In summer the days seem longer and full of opportunity, with endless places to be explored and family memories to be made. Whilst spontaneous days out are great, it often pays to plan ahead, especially if you’re looking for a destination which offers good accessibility for wheelchair users. Here are some ideas of accessible attractions within the UK, including a story centre in London, the chance to get close to wild animals in the Midlands, a traditional sea-side day out and the opportunity to chill out at a spa.
Seat elevation is a key accessibility element for power wheelchairs, but it is often forsaken in the design process. Although it is widely viewed as a luxury add-on, vertical elevation has a huge potential to increase users’ independence and quality of life.
However, this type of design innovation also presents an abundance of customization options, so it is vital that potential buyers select a seat elevation system which meets their specific needs.
Dedication, commitment, enthusiasm and competitive spirit are some of the hallmark characteristics associated with the first ever paratriathlon in the last Paralympic Games in Rio 2016.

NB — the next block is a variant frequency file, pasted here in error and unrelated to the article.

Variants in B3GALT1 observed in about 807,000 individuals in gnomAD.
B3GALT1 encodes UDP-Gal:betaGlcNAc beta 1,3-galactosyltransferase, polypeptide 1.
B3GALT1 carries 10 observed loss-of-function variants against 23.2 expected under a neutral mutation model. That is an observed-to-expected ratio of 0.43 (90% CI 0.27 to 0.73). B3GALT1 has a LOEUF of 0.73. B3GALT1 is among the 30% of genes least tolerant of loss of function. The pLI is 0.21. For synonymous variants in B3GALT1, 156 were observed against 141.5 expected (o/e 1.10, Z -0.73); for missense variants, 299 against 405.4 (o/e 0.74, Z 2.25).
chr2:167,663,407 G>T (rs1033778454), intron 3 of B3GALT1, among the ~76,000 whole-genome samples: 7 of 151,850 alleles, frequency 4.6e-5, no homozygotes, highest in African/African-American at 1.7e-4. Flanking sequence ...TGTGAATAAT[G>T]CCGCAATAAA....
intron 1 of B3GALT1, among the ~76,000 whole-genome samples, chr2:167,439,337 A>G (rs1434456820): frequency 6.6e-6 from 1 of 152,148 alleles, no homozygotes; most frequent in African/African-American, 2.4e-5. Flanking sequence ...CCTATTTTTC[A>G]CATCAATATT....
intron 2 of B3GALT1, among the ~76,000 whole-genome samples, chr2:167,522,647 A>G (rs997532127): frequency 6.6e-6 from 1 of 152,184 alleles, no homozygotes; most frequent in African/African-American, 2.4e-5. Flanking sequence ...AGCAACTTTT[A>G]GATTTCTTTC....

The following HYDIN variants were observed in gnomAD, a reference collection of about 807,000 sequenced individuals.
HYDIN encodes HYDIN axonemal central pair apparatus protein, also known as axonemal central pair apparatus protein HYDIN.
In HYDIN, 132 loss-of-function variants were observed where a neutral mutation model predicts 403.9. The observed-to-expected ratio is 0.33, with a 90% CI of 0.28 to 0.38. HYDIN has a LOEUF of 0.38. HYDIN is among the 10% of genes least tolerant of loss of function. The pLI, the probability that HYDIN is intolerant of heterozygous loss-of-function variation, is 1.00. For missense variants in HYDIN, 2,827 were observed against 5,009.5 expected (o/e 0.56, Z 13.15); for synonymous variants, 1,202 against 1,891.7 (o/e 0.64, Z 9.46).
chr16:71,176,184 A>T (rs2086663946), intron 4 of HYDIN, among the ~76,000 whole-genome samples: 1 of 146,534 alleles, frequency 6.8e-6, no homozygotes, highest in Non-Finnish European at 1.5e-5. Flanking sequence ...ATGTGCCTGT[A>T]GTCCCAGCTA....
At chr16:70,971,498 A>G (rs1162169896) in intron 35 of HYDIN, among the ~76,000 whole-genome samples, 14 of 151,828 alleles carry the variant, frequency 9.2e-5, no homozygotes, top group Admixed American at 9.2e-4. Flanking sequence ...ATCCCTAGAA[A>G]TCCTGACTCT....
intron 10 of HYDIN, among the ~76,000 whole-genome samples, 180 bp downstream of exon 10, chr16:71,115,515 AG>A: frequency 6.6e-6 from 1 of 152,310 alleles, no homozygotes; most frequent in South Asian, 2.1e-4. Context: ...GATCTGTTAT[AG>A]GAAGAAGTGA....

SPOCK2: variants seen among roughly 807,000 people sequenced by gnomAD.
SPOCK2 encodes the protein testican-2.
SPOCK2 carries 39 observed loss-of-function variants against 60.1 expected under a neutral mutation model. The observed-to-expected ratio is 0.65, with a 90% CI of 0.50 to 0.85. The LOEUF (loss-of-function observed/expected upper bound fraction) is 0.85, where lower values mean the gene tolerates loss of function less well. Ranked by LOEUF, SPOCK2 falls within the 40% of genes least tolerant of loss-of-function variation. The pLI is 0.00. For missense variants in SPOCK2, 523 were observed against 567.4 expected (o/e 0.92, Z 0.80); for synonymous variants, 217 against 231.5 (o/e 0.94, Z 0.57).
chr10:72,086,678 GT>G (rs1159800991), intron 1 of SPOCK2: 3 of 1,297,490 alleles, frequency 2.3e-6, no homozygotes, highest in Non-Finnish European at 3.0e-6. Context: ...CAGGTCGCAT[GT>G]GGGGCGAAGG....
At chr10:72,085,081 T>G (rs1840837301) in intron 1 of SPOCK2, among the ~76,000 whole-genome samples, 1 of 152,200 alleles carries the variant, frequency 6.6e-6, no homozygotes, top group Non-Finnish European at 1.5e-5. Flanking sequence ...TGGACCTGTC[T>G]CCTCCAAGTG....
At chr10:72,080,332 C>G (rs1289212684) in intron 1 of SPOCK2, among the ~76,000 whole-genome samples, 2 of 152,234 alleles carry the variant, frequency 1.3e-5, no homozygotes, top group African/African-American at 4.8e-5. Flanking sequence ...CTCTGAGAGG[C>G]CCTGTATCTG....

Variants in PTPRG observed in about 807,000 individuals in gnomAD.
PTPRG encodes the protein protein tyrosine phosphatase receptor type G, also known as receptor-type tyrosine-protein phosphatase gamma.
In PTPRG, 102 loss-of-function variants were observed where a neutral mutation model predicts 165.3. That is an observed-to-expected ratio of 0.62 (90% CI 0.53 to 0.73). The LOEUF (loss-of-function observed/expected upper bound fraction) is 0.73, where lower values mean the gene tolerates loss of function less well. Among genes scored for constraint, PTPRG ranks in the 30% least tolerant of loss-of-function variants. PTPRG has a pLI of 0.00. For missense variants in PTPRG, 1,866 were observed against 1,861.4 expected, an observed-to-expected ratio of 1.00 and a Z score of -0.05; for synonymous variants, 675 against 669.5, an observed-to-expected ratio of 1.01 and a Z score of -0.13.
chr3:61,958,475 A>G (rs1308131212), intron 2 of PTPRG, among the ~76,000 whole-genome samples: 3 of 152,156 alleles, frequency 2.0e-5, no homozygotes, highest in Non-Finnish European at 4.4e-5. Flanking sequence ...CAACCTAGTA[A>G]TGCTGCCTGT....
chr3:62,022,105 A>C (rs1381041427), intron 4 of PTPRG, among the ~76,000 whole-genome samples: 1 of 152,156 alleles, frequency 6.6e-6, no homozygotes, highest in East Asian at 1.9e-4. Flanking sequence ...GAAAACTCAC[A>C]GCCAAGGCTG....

Representation matters and it is great seeing disability in film. From biopics to animation, disabilities are there on the silver screen. Here is a pick of five disability positive films you might not have considered.
Wheelchair fencing can be practised by both men and women in wheelchairs, by amputees or by those with mild cerebral palsy. The same weapon categories apply to those used in classical fencing (foil, sabre or épée).
The history of wheelchair fencing began in England in the 1950s at the Stoke Mandeville Hospital, where soldiers wounded in WW2 underwent recovery and rehabilitation.
After its debut at the 1960 Rome Olympics, it soon became a very popular all-round adapted sport that required not only physical strength, but also precision, technique and style.